PHR also secured a significant victory against medical complicity in torture when, after ten years for pressure from PHR and our partners, the American Psychological Association in 2016 banned psychologists from taking part in national security interrogations or working at detention sites operation in violation of international law.
And when the U.S. Navy tried to punish a career nurse who refused to force-feed Guantánamo detainees on the grounds that it violated the ethical standards of his profession, we mobilized medical associations and experts across the country in a successful campaign in the nurses’ defence.
In a political climate in which the Trump administration has openly espoused a return to torture, PHR continues to work to prevent this barbaric practice and to support medical professionals who refuse to participate in the illegal and unethical harming and degrading of other human beings.
PHR opposes the death penalty, and has long opposed the participation of physicians and other health professionals in state-sponsored executions. In 1994, we published a report with the American College of Physicians, Human Rights Watch, and the National Coalition to Abolish the Death Penalty titled Breach of Trust: Physician Participation in Executions in the United States. The report highlighted that even though the World Medical Association and the American Medical Association had declared that physician participation in executions is unethical, twenty-eight states required that physicians “shall” or “must” be present at an execution. The report further illustrated the subtle and overt pressures placed upon physicians who refuse to assist in the execution process.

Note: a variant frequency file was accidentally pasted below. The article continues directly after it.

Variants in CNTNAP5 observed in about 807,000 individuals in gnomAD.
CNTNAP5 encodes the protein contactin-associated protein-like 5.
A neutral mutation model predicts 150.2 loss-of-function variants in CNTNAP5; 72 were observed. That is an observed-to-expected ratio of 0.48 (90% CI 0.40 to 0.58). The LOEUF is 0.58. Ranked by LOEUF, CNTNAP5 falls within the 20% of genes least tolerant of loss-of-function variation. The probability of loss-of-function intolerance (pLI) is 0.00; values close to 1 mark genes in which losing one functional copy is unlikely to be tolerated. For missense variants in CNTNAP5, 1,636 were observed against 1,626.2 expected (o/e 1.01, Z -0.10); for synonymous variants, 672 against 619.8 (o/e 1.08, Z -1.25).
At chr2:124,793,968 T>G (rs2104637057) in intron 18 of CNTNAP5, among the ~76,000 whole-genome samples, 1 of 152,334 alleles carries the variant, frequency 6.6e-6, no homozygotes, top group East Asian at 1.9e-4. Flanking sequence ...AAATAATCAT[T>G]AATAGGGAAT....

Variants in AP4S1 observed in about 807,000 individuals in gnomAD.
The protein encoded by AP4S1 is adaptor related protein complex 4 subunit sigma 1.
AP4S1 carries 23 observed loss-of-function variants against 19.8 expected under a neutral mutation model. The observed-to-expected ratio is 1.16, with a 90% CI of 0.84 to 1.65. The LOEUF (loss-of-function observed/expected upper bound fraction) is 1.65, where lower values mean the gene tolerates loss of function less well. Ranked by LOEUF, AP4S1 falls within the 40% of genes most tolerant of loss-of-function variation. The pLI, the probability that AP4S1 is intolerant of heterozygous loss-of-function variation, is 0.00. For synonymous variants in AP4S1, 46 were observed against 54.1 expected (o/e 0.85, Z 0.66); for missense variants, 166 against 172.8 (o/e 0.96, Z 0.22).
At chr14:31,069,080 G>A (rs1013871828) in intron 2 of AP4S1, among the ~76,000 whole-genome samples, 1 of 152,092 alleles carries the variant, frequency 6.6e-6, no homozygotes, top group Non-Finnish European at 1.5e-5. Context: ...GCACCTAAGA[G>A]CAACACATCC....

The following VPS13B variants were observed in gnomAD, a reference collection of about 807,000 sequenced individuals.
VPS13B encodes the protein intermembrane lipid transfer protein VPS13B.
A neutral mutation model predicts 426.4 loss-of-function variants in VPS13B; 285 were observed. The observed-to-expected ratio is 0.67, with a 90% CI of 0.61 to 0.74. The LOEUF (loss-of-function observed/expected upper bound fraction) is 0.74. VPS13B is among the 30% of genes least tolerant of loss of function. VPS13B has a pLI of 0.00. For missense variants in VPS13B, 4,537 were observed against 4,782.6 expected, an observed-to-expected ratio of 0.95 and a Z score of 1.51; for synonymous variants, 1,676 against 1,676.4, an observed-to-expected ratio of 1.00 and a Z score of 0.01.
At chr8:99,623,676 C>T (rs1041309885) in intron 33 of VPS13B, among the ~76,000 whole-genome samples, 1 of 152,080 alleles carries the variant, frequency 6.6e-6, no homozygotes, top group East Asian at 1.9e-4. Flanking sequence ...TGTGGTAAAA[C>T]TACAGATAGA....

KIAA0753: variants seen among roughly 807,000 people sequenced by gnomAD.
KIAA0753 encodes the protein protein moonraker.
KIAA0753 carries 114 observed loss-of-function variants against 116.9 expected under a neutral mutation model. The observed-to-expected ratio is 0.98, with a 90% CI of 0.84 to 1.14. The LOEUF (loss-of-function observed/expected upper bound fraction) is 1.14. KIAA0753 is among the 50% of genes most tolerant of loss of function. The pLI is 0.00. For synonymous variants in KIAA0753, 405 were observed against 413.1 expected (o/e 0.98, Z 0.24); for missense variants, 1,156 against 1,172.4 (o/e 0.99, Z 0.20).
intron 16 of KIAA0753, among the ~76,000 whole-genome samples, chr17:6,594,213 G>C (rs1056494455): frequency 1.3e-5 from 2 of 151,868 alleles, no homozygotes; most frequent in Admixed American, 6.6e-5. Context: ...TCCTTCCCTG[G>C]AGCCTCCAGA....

In 2004, PHR partnered with The Fortune Society to call attention to New York’s Rockefeller Drug Laws which were created in 1973 to deter drug crimes. The laws established some of toughest mandatory minimum prison sentences in the nation. PHR’s report, “Unjust and Counterproductive – New York’s Rockefeller Drug Laws” highlighted the devastating impact of these laws on individual ex-offenders, their families, and their communities, the majority of which are minorities struggling with poverty and trapped in a cycle of prison time and unsuccessful reintegration into society.
In 2007, PHR staff collaborated with juvenile justice advocates to call for an end to the prosecution, sentencing and incarceration of youth in the U.S. adult criminal justice system, the consequences of which were documented in the report: The Consequences Aren’t Minor: The Impact of Trying Youth as Adults and Strategies for Reform.
In 2017, PHR investigated the availability of quality treatment through drug courts for people with substance abuse disorder. The report, Neither Justice nor Treatment – Drug Courts in the United States, assessed the system in three states — Florida, New Hampshire, and New York — and found major obstacles, including in many cases, court officials with no medical background who mandated inappropriate treatment for people who didn’t need it, as well as courts that largely failed to provide any treatment to those who truly needed it. In all cases, the functioning mandate of the drug courts — of which there are 3,100 in total in the United States — posed significant human rights concerns.